P. S. This does not help people who have a need to run the latest versions of software on Mac hardware that is five or more years old --- the blame there is I think with the overdue update of the Mac Pro line.
« Last Edit: April 27, 2013, 10:12:53 AM by BJL » Logged
aragdog
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« Reply #126 on: April 27, 2013, 10:53:01 AM »
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Hey Jeff and Michael, time for a few videos of Lightroom 5?  You might want to add some stuff to the great one you did on Lightroom 4.

Just a suggestion.
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CatOne
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« Reply #127 on: April 27, 2013, 10:05:22 PM »
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I know I'll have to bite the bullet one day, just not expecting to have to do it due to a photo post processing app. My main point was that 10.6 is not that long in the tooth, and most of the changes in Lion.x seem more for user control than anything else.


This isn't true.  There are SUBSTANTIAL API changes under the hood, that allow developers to make faster, more maintainable, better applications.  These things are not visible to end users, but the facilitate better software, with less code, and are the reasons end users will need to end up upgrading.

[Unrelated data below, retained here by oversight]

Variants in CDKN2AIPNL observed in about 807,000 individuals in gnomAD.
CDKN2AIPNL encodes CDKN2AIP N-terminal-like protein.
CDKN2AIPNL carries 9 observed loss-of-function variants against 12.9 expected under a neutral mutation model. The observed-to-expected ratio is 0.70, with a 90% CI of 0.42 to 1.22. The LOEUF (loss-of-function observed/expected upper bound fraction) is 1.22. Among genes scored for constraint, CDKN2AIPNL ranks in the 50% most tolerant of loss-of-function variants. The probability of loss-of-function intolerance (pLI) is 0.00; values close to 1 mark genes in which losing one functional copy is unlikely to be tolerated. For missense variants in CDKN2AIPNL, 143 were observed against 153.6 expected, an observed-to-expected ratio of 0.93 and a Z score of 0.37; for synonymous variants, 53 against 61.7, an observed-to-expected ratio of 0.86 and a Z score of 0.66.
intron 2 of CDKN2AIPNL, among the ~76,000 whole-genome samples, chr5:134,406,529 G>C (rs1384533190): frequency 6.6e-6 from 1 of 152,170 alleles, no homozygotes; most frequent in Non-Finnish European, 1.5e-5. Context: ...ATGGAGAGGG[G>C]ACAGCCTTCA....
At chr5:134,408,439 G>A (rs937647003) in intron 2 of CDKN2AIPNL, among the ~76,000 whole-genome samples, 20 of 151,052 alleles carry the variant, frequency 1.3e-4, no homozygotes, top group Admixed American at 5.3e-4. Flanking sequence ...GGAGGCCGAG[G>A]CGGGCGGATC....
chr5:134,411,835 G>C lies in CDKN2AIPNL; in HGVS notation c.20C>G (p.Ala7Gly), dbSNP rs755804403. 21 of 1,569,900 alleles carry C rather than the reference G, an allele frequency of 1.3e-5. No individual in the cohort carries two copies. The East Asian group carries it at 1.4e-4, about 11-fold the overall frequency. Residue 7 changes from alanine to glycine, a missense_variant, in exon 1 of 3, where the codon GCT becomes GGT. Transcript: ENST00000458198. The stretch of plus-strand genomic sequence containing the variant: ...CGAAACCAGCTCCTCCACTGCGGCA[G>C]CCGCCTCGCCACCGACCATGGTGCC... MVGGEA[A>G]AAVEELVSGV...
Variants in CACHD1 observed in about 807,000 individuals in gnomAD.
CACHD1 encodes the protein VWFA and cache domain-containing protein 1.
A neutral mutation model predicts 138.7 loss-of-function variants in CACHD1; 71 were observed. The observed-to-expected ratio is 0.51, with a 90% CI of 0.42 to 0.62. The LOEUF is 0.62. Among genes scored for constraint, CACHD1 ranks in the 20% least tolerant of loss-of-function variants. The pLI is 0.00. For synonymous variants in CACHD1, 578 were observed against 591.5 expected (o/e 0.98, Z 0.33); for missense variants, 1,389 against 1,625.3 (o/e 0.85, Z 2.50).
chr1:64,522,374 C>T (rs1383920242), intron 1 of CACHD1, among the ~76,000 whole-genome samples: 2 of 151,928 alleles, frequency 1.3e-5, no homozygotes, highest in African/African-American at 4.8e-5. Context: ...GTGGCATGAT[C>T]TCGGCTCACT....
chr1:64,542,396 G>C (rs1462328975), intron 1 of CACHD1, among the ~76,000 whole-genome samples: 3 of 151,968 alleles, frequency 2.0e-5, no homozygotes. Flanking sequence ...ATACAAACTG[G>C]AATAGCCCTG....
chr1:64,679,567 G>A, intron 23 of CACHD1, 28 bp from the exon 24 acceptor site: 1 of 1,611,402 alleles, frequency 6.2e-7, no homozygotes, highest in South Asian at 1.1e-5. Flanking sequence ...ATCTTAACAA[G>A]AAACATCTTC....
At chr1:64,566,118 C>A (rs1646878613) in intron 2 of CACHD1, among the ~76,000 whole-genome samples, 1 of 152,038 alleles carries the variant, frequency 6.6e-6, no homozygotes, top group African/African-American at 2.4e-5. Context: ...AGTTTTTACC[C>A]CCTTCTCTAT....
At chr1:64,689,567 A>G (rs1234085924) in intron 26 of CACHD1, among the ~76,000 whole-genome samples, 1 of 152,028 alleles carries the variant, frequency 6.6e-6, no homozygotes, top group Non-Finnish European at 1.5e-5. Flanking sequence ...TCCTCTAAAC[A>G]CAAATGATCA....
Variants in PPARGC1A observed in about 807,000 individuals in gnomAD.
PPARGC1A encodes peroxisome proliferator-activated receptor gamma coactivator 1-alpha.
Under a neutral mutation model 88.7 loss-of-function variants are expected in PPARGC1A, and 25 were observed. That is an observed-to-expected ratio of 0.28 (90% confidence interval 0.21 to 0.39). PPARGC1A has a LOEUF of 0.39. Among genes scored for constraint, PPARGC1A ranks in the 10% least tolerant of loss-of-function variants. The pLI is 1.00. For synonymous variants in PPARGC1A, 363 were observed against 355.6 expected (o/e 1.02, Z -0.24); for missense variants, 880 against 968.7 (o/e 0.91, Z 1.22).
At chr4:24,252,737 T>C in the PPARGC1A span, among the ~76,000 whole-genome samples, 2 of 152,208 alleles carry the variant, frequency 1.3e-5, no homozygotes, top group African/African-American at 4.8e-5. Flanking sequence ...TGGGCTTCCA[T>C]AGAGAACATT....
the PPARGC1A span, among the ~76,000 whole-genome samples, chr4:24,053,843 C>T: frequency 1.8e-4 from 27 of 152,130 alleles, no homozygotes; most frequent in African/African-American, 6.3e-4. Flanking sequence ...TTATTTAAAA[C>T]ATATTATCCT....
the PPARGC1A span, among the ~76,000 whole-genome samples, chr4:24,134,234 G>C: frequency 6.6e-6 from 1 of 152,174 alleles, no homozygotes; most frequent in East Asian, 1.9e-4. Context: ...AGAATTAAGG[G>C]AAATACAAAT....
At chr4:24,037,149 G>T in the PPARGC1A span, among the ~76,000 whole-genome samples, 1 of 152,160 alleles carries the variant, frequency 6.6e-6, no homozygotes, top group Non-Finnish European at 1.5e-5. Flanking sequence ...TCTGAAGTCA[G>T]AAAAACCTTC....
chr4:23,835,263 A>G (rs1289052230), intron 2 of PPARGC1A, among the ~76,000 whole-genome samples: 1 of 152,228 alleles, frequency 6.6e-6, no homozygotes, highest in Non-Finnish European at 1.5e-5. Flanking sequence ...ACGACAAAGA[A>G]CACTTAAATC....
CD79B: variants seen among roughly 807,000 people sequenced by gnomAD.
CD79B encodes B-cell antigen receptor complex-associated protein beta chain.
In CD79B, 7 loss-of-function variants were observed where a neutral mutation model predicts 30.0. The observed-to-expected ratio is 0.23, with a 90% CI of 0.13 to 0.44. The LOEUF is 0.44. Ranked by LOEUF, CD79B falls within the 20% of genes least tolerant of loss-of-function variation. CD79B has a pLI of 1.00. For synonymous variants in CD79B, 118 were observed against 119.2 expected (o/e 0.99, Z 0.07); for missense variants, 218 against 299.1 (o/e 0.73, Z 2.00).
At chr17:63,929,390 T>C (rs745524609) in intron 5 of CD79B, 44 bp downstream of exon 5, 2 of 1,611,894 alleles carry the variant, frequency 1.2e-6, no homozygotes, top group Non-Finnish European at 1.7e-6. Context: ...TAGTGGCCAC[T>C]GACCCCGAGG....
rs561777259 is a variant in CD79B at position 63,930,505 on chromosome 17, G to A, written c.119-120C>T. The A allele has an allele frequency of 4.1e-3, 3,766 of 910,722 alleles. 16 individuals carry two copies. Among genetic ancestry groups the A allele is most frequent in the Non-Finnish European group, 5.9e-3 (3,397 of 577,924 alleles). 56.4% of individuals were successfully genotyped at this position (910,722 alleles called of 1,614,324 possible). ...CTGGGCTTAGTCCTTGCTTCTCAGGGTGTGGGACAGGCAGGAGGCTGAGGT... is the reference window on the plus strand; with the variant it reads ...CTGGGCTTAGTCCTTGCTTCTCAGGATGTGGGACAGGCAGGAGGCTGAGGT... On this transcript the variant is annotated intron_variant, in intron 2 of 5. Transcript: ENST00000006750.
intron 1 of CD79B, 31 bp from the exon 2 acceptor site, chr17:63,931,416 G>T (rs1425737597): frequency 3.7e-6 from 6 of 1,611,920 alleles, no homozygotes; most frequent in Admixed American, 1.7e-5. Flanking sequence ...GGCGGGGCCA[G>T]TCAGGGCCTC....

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Not counting turning your computer into a big iPad. Haven't seen much about increasing overall performance.


Lion and Mountain Lion are every bit as usable as is Snow Leopard.  I really don't get this line of reasoning (or accusation, or whatever you call it).  The OS is faster, and is in no way "dumbed down" or more iPad like.

Also, using iCloud and storing your data in the cloud (with applications that support iCloud) is totally optional.  You don't need to enable it, and if you don't all you lose is the ability to store your documents in the cloud and sync things like documents and mail settings across your computers.